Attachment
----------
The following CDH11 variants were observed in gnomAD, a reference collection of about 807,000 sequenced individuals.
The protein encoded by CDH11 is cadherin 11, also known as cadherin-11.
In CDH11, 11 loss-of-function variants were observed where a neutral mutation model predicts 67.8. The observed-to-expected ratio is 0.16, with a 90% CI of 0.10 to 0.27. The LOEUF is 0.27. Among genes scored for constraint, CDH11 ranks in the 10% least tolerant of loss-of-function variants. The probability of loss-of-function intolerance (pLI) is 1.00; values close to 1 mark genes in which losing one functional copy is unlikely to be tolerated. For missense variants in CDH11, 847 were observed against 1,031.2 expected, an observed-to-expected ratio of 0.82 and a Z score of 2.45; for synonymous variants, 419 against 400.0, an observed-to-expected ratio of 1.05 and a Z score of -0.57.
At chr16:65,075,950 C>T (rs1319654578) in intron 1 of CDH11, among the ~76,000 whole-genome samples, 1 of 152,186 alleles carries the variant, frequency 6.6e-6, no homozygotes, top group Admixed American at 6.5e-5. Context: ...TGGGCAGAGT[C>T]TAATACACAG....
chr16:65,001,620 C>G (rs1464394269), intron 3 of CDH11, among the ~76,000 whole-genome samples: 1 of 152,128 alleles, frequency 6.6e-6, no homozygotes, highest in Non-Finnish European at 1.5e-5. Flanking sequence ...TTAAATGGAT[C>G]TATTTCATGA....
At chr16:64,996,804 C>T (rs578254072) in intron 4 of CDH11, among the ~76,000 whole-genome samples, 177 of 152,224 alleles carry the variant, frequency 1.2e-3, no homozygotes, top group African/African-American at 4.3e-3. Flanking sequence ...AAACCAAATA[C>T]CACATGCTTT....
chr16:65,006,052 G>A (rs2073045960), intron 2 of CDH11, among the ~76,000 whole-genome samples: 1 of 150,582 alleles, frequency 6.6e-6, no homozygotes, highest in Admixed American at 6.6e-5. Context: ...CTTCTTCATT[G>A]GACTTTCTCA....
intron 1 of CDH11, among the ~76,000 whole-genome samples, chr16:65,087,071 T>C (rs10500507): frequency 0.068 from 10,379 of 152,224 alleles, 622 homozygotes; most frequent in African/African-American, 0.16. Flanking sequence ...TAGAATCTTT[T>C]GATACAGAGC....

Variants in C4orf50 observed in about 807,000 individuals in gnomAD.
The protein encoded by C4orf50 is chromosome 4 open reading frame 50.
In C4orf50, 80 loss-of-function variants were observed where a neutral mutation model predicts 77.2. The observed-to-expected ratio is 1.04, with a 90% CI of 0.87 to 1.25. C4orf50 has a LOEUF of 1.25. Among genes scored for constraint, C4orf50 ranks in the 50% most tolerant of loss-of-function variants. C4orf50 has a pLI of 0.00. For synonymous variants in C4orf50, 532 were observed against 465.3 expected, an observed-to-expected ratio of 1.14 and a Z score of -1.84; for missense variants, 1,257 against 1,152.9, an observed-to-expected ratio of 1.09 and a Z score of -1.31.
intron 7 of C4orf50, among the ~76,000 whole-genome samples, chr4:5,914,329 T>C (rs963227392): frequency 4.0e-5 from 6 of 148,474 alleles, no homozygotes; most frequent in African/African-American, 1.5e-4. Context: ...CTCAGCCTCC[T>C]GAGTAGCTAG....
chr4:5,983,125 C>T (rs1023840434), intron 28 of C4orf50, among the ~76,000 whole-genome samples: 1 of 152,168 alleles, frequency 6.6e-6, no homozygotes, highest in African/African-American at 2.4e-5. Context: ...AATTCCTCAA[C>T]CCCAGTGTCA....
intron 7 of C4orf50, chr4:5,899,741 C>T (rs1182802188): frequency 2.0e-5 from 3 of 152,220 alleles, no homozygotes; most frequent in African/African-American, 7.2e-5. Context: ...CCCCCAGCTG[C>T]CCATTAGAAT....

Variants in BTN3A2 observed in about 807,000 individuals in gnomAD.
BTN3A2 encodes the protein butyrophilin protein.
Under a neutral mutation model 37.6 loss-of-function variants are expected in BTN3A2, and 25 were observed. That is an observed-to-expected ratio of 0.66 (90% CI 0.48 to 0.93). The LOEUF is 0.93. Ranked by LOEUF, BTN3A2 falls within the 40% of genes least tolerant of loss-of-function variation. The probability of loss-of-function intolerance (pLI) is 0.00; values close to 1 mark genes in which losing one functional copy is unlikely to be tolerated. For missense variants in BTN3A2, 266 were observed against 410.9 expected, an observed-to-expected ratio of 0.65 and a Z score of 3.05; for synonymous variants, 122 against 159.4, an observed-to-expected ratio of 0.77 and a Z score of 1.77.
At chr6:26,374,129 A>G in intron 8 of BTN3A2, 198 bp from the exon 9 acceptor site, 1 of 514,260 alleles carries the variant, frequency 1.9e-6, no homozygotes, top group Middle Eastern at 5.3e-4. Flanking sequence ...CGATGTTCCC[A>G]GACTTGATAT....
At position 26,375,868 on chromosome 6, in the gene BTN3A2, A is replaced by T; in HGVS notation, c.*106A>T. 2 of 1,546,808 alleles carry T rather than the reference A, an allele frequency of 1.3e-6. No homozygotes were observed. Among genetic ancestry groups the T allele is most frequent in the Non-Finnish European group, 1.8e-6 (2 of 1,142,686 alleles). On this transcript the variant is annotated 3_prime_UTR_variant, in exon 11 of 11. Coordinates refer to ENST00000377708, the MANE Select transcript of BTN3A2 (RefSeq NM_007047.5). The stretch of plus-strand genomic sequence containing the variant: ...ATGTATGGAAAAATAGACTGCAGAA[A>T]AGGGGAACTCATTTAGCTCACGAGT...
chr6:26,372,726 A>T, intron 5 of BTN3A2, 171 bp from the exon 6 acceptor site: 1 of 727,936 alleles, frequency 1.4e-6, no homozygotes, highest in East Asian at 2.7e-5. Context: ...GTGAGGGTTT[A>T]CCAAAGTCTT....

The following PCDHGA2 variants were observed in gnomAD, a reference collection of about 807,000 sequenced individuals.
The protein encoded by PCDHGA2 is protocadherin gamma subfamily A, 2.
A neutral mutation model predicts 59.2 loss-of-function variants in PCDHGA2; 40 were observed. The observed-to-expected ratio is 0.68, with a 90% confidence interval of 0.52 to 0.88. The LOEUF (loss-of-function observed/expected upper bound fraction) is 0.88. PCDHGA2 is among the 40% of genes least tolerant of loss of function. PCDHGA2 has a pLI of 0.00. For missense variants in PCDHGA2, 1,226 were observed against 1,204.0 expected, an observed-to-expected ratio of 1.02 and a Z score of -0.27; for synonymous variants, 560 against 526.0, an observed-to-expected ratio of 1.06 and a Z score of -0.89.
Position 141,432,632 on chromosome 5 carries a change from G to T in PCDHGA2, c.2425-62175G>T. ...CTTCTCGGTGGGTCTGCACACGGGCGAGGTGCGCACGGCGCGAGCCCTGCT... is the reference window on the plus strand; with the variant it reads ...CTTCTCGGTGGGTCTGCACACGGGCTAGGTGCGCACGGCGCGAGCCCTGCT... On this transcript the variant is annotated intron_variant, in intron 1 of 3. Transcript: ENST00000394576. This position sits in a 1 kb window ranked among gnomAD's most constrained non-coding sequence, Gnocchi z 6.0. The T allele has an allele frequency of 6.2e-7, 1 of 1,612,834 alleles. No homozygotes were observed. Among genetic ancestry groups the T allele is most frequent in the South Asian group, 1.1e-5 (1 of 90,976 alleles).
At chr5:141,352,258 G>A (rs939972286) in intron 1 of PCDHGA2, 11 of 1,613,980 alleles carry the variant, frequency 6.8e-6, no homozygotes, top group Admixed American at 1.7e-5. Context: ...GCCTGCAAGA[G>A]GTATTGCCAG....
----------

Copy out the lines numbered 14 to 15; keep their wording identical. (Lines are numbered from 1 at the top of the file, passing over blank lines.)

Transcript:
intron 7 of C4orf50, chr4:5,899,741 C>T (rs1182802188): frequency 2.0e-5 from 3 of 152,220 alleles, no homozygotes; most frequent in African/African-American, 7.2e-5. Context: ...CCCCCAGCTG[C>T]CCATTAGAAT....

Variants in BTN3A2 observed in about 807,000 individuals in gnomAD.